First Alert Weather In-Depth: Finding that lost winter moisture

Weather In-Depth: Finding that lost winter moisture

The News10NBC Team details breaking News, Traffic and Weather.

ROCHESTER, N.Y. – Even though it has not been a severe winter season, around the house we experience dry skin and static electricity just the same. What can really make a difference in this dry atmosphere, is a good indoor humidifier. News10NBC meterologist Glenn Johnson has one in his house and says it really is a good way to replace that lost moisture. 

The meteorologists at News10NBC have several different ways of showing specific levels of moisture. But what you see most often is dewpoint and relative humidity. Relative humidity is a ratio and can be a little deceiving as to what it is actually measuring. Let’s try to explain the concept. If we take a water molecule and we run it through air that is at 40 degrees, the relative humidity might be near 70 percent. However, if we take that same amount of moisture and run it through an air parcel that is at 60 degrees, by some estimates, we are doubling the capacity of the air to hold moisture simply by increasing the temperature by 20 degrees. In this example, the relative humidity is near 35 percent. The temperature is the critical ingredient because that determines how much moisture the air can hold or specifically it determines the capacity of the air to hold moisture. The greater the temperature, the greater the capacity.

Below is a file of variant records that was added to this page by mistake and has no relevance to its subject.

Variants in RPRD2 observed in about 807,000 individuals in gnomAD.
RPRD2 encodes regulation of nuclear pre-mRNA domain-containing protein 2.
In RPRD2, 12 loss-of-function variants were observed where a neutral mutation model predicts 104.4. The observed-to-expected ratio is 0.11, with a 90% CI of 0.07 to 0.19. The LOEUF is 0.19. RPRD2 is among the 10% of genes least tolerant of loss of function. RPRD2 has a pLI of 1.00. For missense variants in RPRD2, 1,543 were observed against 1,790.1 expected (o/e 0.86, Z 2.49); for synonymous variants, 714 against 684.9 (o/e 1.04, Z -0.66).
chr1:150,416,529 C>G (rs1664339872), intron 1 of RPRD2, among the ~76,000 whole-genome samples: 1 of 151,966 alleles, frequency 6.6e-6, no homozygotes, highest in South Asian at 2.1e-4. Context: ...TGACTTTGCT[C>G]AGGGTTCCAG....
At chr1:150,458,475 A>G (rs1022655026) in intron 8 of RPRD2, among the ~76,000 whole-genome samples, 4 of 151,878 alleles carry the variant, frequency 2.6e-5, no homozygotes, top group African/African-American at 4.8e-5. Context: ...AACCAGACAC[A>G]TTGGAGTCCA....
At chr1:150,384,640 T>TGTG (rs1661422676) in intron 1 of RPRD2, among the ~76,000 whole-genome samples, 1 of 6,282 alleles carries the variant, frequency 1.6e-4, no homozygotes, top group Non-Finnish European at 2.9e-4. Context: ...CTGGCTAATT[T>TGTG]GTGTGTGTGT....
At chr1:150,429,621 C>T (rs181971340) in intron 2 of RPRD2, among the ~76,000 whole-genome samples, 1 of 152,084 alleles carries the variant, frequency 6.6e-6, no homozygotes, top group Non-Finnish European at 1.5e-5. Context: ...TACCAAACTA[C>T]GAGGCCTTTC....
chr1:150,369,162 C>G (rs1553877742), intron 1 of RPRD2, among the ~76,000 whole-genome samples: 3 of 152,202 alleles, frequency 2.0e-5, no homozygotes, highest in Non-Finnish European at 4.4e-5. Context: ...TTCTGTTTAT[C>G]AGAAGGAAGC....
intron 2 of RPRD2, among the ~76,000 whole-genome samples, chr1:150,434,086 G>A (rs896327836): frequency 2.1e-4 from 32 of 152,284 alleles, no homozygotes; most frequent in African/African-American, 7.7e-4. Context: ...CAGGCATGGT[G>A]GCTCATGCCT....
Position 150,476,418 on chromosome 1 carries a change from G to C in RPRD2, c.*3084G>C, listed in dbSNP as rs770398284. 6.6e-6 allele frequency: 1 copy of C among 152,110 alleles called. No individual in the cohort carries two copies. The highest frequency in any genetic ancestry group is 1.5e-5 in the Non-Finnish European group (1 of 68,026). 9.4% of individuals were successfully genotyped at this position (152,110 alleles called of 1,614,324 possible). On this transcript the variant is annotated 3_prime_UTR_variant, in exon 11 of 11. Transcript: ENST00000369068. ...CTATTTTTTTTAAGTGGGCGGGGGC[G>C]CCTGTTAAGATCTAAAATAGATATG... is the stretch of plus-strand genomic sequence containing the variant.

The practical aspect of this measurement is how it is applied to the air in your house. An example of this is outside air with a relative humidity of 70 percent, but you take that same air and you run it inside the house (a house that is heated at 67 degrees) and that brings the relative humidity down to 18 percent. So the relative humidity is really based on the rate of the evaporation and an important aspect of evaporation is the capacity. This time of the year you really have to use a humidifier to replace what is lost to the colder winter season.